The LNG industry finds itself today in a very different situation than was expected 10 years ago. Several key disruptions have occurred: shale gas turned the US from an LNG importer into an LNG exporter, imports to Japan boomed to replace nuclear electricity production after Fukushima, and European gas demand collapsed due to the combined effects of the global recession and cheap coal. There are new types of players in the market, spot-trading volumes have increased, and global prices have converged. But much remains the same. In a business characterized by large, long-term capital investments, the pace of change has historically been slow. In our last LNG update two years ago, we highlighted that the industry was in a period of transformation towards liquid trading markets; here, we review the current picture and outlook, as well as implications for market participants.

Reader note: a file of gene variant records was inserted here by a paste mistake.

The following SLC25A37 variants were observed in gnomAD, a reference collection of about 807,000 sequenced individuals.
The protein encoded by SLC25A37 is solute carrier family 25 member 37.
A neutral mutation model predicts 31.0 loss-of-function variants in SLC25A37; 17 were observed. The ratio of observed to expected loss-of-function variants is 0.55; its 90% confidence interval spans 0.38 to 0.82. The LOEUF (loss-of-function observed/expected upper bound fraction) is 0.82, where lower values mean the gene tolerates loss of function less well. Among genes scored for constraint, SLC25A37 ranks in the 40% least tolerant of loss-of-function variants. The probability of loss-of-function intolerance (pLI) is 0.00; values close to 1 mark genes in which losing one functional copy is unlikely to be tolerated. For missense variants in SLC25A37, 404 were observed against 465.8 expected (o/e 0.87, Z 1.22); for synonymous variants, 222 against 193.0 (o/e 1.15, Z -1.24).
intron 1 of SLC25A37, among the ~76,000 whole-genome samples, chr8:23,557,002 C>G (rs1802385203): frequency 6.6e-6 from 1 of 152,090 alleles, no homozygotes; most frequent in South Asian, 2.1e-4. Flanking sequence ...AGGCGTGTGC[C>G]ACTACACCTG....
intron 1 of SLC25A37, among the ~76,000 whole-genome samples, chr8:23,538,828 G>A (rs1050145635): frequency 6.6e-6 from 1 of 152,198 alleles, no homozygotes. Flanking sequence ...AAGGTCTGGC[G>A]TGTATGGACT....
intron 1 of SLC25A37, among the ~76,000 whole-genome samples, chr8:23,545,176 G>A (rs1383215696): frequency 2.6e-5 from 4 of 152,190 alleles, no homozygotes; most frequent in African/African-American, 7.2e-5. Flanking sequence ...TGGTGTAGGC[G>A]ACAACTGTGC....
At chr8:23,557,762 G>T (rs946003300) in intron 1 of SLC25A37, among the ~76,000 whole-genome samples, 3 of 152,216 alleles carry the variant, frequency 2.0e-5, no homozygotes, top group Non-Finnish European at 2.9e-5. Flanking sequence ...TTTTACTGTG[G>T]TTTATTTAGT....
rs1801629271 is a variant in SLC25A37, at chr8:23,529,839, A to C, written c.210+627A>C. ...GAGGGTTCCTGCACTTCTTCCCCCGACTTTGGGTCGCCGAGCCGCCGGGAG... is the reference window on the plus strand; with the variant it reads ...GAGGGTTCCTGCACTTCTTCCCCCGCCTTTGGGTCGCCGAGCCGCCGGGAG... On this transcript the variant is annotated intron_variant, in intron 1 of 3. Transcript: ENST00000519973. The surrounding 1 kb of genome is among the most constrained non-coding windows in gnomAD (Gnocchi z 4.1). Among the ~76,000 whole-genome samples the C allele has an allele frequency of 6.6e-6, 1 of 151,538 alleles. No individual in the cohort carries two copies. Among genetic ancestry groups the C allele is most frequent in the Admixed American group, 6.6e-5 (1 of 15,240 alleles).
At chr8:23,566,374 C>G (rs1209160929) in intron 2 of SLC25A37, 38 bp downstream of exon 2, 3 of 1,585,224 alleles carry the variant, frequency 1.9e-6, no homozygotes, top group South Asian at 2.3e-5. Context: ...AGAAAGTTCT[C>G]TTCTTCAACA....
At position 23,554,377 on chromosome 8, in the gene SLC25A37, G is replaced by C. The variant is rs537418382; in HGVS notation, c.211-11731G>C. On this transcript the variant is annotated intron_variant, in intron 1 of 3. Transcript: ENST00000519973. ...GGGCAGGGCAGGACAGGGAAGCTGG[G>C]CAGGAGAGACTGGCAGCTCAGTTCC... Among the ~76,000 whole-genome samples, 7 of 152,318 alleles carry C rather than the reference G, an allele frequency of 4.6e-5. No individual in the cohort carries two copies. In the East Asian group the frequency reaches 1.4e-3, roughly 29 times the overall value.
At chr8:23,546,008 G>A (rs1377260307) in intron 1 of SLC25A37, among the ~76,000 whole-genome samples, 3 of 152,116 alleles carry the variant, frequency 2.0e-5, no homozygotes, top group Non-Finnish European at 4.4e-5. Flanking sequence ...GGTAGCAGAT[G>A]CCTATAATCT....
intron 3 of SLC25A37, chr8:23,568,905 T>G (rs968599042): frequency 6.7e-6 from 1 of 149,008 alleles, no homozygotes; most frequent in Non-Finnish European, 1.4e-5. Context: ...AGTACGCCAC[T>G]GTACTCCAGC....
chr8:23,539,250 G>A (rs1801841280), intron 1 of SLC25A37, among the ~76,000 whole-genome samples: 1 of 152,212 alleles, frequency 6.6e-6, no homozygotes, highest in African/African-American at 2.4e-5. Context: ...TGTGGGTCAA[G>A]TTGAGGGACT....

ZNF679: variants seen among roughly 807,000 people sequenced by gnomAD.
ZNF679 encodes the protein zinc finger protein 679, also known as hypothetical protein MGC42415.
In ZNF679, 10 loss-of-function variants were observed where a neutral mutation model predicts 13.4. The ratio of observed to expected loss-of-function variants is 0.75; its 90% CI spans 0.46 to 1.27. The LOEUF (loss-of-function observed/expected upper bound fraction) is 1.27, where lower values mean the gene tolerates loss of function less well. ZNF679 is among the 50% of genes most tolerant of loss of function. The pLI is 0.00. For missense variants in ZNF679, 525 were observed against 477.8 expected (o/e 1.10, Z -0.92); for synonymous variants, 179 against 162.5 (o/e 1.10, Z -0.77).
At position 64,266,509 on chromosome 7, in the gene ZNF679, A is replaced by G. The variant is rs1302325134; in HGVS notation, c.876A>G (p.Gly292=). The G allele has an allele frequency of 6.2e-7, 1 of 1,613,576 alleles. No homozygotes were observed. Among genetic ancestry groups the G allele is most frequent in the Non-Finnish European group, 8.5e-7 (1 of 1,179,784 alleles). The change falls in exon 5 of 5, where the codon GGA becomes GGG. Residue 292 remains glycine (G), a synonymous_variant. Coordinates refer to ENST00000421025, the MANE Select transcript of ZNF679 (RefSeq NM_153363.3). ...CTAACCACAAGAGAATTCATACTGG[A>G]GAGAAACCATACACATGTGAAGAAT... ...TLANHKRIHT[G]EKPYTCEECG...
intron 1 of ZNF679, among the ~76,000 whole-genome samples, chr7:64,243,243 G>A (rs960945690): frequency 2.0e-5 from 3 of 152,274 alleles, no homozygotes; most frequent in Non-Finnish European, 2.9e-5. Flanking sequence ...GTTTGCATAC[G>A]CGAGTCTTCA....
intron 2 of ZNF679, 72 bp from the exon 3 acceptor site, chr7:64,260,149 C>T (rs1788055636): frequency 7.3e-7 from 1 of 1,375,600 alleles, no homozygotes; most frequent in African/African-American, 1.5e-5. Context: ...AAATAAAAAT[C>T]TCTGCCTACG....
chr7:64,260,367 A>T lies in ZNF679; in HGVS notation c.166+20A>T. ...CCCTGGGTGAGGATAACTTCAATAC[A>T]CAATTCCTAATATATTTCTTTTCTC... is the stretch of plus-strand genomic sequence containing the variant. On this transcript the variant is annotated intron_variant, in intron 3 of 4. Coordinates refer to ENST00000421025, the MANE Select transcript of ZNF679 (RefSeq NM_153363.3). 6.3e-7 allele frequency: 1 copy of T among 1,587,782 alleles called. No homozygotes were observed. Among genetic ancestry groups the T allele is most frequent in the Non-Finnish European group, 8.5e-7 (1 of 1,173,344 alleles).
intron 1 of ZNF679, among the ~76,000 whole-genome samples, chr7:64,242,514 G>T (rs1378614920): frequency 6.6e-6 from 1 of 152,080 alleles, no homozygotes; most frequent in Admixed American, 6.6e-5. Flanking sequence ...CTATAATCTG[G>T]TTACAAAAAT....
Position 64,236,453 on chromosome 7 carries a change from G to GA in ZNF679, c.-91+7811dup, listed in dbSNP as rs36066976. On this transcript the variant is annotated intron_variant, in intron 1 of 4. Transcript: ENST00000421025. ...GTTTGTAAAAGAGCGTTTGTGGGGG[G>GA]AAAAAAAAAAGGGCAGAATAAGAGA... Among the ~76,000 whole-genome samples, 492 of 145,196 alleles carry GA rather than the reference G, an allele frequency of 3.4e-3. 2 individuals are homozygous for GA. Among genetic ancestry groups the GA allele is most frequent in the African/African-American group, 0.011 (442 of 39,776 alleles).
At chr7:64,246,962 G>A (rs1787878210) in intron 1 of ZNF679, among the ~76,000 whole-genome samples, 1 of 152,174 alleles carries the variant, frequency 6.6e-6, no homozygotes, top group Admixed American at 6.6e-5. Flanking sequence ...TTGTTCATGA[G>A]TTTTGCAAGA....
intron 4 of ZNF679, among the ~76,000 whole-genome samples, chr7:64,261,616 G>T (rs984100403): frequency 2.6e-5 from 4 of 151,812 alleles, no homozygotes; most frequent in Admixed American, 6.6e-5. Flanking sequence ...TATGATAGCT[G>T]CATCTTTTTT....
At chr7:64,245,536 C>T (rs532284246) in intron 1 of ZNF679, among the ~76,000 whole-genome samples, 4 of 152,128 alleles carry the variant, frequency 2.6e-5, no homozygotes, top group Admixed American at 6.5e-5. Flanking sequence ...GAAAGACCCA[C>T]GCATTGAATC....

Overview of recent history
Global LNG price convergence has long been considered likely.
In theory, trading should eliminate regional price differences (other than logistics costs) and make a more efficient market in which supply, demand and transport costs determine LNG prices and flows.
It would be easy to conclude that the disruptive events of recent years were the cause of global price convergence. Oil indexation is still dominant in LNG purchasing: over 75 percent of LNG volumes imported globally in 2016 were indexed to oil. And lower oil prices explain a large proportion of the observed price convergence. The Asia-Pacific region is the global center of LNG demand, as well as for oil-indexed buying. Price convergence has been apparent since 2015, coinciding with the trend in oil prices. The Henry Hub LNG price (typically spot price plus variable fee at 115 percent Henry Hub price, plus fixed fee at around 3.00 $/MMBtu) has become higher than both the Japanese import spot and long-term oil-indexed price. If we include transport and regasification at around 2.00 $/MMBtu, US exports have not been attractive to Asia-Pacific buyers through 2017.